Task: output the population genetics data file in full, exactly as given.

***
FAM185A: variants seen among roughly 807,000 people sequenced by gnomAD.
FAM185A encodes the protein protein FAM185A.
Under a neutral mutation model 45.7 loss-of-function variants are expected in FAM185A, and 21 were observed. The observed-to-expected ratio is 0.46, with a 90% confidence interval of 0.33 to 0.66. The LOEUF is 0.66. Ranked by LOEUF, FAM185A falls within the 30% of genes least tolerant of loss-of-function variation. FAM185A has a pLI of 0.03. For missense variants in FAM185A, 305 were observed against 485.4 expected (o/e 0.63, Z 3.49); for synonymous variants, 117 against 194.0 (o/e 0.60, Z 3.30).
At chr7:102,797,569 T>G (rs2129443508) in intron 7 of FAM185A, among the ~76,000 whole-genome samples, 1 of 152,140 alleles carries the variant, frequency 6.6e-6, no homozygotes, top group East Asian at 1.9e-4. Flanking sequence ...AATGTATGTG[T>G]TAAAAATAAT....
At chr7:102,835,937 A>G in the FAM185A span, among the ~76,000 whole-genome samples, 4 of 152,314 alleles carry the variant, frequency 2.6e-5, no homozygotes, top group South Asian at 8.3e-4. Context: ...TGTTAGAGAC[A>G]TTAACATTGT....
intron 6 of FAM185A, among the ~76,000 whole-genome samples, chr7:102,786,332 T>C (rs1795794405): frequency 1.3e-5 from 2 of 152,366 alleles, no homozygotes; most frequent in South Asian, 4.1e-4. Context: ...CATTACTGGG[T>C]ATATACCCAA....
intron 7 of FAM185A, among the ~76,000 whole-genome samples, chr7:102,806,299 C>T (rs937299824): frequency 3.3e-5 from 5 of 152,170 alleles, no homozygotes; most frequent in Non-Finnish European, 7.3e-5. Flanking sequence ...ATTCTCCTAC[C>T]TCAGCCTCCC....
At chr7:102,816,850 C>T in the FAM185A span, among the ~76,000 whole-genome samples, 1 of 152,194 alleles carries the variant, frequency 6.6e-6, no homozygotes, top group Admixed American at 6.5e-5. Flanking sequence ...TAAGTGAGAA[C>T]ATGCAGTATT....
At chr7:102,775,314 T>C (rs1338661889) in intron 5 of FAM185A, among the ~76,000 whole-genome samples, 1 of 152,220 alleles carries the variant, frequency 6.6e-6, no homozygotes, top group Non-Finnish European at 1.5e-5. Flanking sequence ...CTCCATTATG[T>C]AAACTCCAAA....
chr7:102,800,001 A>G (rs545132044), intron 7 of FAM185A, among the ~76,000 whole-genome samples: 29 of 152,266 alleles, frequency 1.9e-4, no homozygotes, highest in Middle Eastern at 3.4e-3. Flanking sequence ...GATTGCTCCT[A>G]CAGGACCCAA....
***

FAM185A: variants seen among roughly 807,000 people sequenced by gnomAD.
FAM185A encodes the protein protein FAM185A.
Under a neutral mutation model 45.7 loss-of-function variants are expected in FAM185A, and 21 were observed. The observed-to-expected ratio is 0.46, with a 90% confidence interval of 0.33 to 0.66. The LOEUF is 0.66. Ranked by LOEUF, FAM185A falls within the 30% of genes least tolerant of loss-of-function variation. FAM185A has a pLI of 0.03. For missense variants in FAM185A, 305 were observed against 485.4 expected (o/e 0.63, Z 3.49); for synonymous variants, 117 against 194.0 (o/e 0.60, Z 3.30).
At chr7:102,797,569 T>G (rs2129443508) in intron 7 of FAM185A, among the ~76,000 whole-genome samples, 1 of 152,140 alleles carries the variant, frequency 6.6e-6, no homozygotes, top group East Asian at 1.9e-4. Flanking sequence ...AATGTATGTG[T>G]TAAAAATAAT....
At chr7:102,835,937 A>G in the FAM185A span, among the ~76,000 whole-genome samples, 4 of 152,314 alleles carry the variant, frequency 2.6e-5, no homozygotes, top group South Asian at 8.3e-4. Context: ...TGTTAGAGAC[A>G]TTAACATTGT....
intron 6 of FAM185A, among the ~76,000 whole-genome samples, chr7:102,786,332 T>C (rs1795794405): frequency 1.3e-5 from 2 of 152,366 alleles, no homozygotes; most frequent in South Asian, 4.1e-4. Context: ...CATTACTGGG[T>C]ATATACCCAA....
intron 7 of FAM185A, among the ~76,000 whole-genome samples, chr7:102,806,299 C>T (rs937299824): frequency 3.3e-5 from 5 of 152,170 alleles, no homozygotes; most frequent in Non-Finnish European, 7.3e-5. Flanking sequence ...ATTCTCCTAC[C>T]TCAGCCTCCC....
At chr7:102,816,850 C>T in the FAM185A span, among the ~76,000 whole-genome samples, 1 of 152,194 alleles carries the variant, frequency 6.6e-6, no homozygotes, top group Admixed American at 6.5e-5. Flanking sequence ...TAAGTGAGAA[C>T]ATGCAGTATT....
At chr7:102,775,314 T>C (rs1338661889) in intron 5 of FAM185A, among the ~76,000 whole-genome samples, 1 of 152,220 alleles carries the variant, frequency 6.6e-6, no homozygotes, top group Non-Finnish European at 1.5e-5. Flanking sequence ...CTCCATTATG[T>C]AAACTCCAAA....
chr7:102,800,001 A>G (rs545132044), intron 7 of FAM185A, among the ~76,000 whole-genome samples: 29 of 152,266 alleles, frequency 1.9e-4, no homozygotes, highest in Middle Eastern at 3.4e-3. Flanking sequence ...GATTGCTCCT[A>G]CAGGACCCAA....